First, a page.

Room 237 (2012)

room 237 poster 2012 movie
5.0 Overall Score

Interesting attempt to explore film analysis

Hard to watch due to repetitive nature of film

Movie Info

Movie Name:  Room 237

Studio:  IFC Films

Genre(s):  Documentary

Release Date(s):  January 23, 2012 (Sundance)

MPAA Rating:  Not Rated

room-237-hexagon-carpet-the-shining-danny

Danny…you don’t know how deep your even getting here…

The Shining was released on May 23, 1980 by Stanley Kubrick.  The movie was an adaptation of Stephen King’s 1977 novel and both the novel and the film are considered classics.  Here, a number of film analysts explores what The Shining really means…and if you have seen The Shining, you might be shocked by what you missed!

Directed by Tim Kirk, Room 237 is a documentary about Kubrick’s The Shining and is composed of clips with voice-over interviews.  The movie made the festival tour and received modest reviews.

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The twins are Wendy’s perfect dream for happiness for Danny

I love The Shining and quite familiar with the book and film.  With some strange decisions, Room 237 is a movie you should see if you are a student of literature or film and have read multiple analyses.

The movie is tough to watch in that the movie is full of pompous movie analysts that all believe they are right.  The theories range from that the movie is related to Hitler, Native American genocide, and a big joke by Kubrick.  One of my favorite analysis is that the movie is proof that Kubrick was one of the directors behind the faking of the Apollo moon landing (which he auditioned for with 2001, A Space Odyssey).

room-237-kubrick-faked-moon-landing-footage-miles-to-the-moon

So it was named Room 237 because that is the distance to the moon and Kubrick helped fake moon landing video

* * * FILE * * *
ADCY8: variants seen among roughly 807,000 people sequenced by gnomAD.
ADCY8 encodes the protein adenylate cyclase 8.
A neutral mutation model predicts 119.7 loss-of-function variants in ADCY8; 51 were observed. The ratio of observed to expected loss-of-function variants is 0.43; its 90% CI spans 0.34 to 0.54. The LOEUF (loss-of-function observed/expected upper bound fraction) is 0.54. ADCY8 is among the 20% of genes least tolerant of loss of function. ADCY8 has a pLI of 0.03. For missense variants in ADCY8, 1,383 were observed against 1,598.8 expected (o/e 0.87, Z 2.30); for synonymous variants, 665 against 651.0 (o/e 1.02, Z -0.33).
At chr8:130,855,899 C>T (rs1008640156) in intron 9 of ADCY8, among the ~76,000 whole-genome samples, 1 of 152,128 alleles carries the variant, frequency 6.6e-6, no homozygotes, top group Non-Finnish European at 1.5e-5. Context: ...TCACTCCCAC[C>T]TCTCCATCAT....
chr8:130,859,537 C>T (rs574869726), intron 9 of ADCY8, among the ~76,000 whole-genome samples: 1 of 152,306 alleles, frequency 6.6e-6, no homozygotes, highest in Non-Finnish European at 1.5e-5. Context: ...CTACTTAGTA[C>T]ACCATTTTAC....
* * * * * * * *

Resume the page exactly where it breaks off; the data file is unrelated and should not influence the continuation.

It is important to draw a line between film analysis and film reviewing.  Reviewing is like analyzing-lite, and looks at the quality of the presentation.  The people in the film aren’t passing judgment on the film (generally they all say it isn’t a good film, but they watched it over & over again).  Here, the movie is dissected for meaning rather than the quality.

With all these overlapping views, the viewer comes to see that the story is so subjective….much like many literary reviews.  If you can argue your point, does it become true?  Can a movie mean something different than the director intended to mean?  If the director didn’t intend it, does it mean it isn’t true?  These questions are asked in the film indirectly and it reminds me of Vladimir Nabokov’s Pale Fire which featured a poem and the footnotes to the poem where a man places meaning into the poem that isn’t there.

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What did Kubrick know and what was he trying to say?!?!

The problems with Room 237 (other than it is hard to listen to the people), is how the movie is put together.  Unlike a standard documentary, there are no talking heads.  All footage is film footage from The Shining, other Kubrick pictures, and other films.  The clips are used and reused over and over again.  It is an interesting review, but it doesn’t always make for good viewing.

Room 237 kind of puts egg in the face of film criticism and criticism of any sort by pointing out the ridiculous nature of the craft.  I like the idea of looking at criticism in and pointing out these inconsistencies and how films can have more than one meaning, but I wish that Room 237 had found a better way to do it.

Related Links:

The Shining (1980)

Author: JPRoscoe View all posts by
Follow me on Twitter/Instagram/Letterboxd @JPRoscoe76! Loves all things pop-culture especially if it has a bit of a counter-culture twist. Plays video games (basically from the start when a neighbor brought home an Atari 2600), comic loving (for almost 30 years), and a true critic of movies. Enjoys the art house but also isn't afraid to let in one or two popular movies at the same time.

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